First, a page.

Herd Around Town
Call it bovine intervention. This year, from June 15 through October 31, Chicago will host "Cows on Parade," a public art project that will line our streets with no fewer than 300 near life-size fiberglass cows, decorated by a variety of local artists, architects, and graphic designers. The 90-pound replicas of Swiss dairy cows will be installed on specially crafted concrete pads down Michigan Avenue, throughout the Loop, along Oak Street Beach, and around the new museum campus at the south end of Grant Park; strays may show up as far afield as O'Hare and the Museum of Science and Industry.
For a city that likes to dye its river green every year, this may seem like a natural. But "Cows on Parade" was actually swiped from Zurich, which presented a similar exhibit last summer; Swiss officials claim the 800 cows increased the city's summer tourism by a million people. Chicagoan Peter Hanig, president of the Hanig's Footwear chain, was visiting Zurich and ran into the cows everywhere. He was baffled at first, but eventually he realized that the exhibit was filled with "humorous visual puns and some great art." Hanig came home convinced that Chicago would benefit from such a show and, enlisting Michael Christ of Tiffany & Company and Daniel Nach of Salvatore Ferragamo, presented the idea to cultural affairs commissioner Lois Weisberg. "Her positive response was almost instantaneous," says Hanig. The Department of Cultural Affairs will orchestrate "Cows on Parade" in conjunction with the Illinois Bureau of Tourism and the Greater North Michigan Avenue Association; individual cows will be sponsored by local businesses and arts institutions.
The event in Zurich took two years to put together, but Cultural Affairs is trying to pull this off in less than one. Mike Lash, director of the city's public art program, and Nathan Mason, the project "cow-ordinator," have invited 400 local artisans to design and create the cows; they say that so far about 200 have accepted, including such notables as Ed Paschke and Ruth Duckworth. Most of the participants will receive $1,000, though 25 will be paid $2,000, and 15--the cream, as it were--will get $4,000. About 25 cows will be decorated free of charge by local public schools and by Gallery 37, Weisberg's job training program. The first load of 100 cows is expected to arrive this weekend from Switzerland. Lash says the department tried to find a local company that could mass-produce the sculptures, but time and expense constraints forced it to import the cows, which are manufactured in three positions: standing, grazing, and reclining. The city will deliver the cows to artists' studios, or the artists can come to the Loop to work on them; thousands of square feet in the Page Brothers Building, next door to the Chicago Theatre, will be used as a cow painting and storage facility for the next several months.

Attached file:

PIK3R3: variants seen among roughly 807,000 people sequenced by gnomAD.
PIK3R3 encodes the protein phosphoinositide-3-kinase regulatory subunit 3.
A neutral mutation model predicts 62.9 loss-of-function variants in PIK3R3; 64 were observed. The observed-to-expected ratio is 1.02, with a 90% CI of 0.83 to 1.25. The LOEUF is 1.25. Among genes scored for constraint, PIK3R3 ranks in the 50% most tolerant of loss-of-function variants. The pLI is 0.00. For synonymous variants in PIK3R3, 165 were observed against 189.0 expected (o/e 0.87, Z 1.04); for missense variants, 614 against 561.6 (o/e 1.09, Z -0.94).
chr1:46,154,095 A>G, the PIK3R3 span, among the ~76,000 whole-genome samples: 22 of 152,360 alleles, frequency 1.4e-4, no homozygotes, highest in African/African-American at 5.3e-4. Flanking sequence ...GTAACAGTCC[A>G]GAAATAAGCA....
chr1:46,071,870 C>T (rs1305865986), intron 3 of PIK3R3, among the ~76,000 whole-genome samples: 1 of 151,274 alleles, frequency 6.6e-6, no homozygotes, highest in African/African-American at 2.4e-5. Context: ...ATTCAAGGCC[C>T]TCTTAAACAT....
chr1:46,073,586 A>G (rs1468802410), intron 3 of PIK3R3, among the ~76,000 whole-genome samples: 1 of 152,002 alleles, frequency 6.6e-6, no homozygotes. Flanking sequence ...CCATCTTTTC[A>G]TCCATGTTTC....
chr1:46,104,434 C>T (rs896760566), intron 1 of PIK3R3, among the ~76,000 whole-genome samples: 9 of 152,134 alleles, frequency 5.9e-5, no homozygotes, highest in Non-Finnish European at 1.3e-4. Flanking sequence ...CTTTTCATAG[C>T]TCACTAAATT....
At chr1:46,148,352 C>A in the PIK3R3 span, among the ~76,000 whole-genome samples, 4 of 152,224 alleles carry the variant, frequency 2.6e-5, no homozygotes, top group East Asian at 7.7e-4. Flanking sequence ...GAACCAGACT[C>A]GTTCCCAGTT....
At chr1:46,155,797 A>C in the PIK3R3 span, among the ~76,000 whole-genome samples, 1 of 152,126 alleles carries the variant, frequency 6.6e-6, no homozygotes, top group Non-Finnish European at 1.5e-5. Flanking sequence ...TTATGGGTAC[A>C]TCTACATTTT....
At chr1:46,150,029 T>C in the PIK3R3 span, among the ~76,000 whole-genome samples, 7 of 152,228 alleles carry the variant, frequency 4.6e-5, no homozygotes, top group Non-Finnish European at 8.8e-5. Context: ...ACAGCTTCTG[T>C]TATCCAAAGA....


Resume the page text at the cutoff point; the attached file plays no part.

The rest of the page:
Lash says most if not all of the show's cost will be met by sponsors. Hundreds of local organizations have received brochures soliciting funds for a single cow, a small group, or even a herd of ten, and so far about 100 companies have agreed to sponsor at least one. For $2,000 sponsors can claim an unpainted cow and pick an artist outside the city's list; to sponsor an artist from the city's roster, sponsors will pay $3,000, $5,000, or $10,000, depending on the artist's fee. Cows cannot be designed for blatant promotional purposes, though a Zurich cow sponsored by Tiffany's was painted the light blue of the famous jeweler's signature boxes and decorated with baubles. When the exhibit ends in October, the city will try to auction off the cows, with proceeds going to a charity chosen by the respective sponsor. Some of the Zurich cows reportedly sold for as much as $20,000.
According to Lash, "Cows on Parade" is targeting tourists within a 500-mile radius who typically visit Chicago once or twice a year: "Unless they happen to be serious cow lovers, people aren't going to fly in from New York or Los Angeles." But not every artist in town is lining up at the trough. "What's the point, unless you plan on a future in animal husbandry?" asks Tony Fitzpatrick. "Chicago is a great city, and it doesn't need six-foot plastic tchotchkes to bring in tourists." Fitzpatrick may be right. But there's no use crying over . . . well, you get the idea.
Garthwatch '99: Fox on the Run
Garth Drabinsky, the former CEO of Livent Inc., and Myron Gottlieb, the former president, became fugitives from justice last week when they failed to show up at a federal court in Manhattan to be arraigned on charges of fraud. Both men claim they can't get a fair trial in America; should either of them cross the border now, he'll be arrested on sight. The feds plan to file for extradition, a complicated process that could take months.
Meanwhile Livent continues its slide into the abyss: according to papers filed in a New York bankruptcy court last week, the company sustained an operating loss of $4.7 million in the six weeks after it filed for Chapter 11 last November. Another 100 people have been laid off, decimating Livent's Canadian offices. Yet key executives are still pulling in generous salaries: court documents indicate that current president David Maisel earns about $9,000 a week, CEO Roy Furman makes $12,000, and artistic director Todd Haimes makes almost $10,000, even as he holds down a second job at the Roundabout Theatre Company in New York.
Art accompanying story in printed newspaper (not available in this archive): Peter Hanig photo by Nathan Mandell; uncredited painted cow.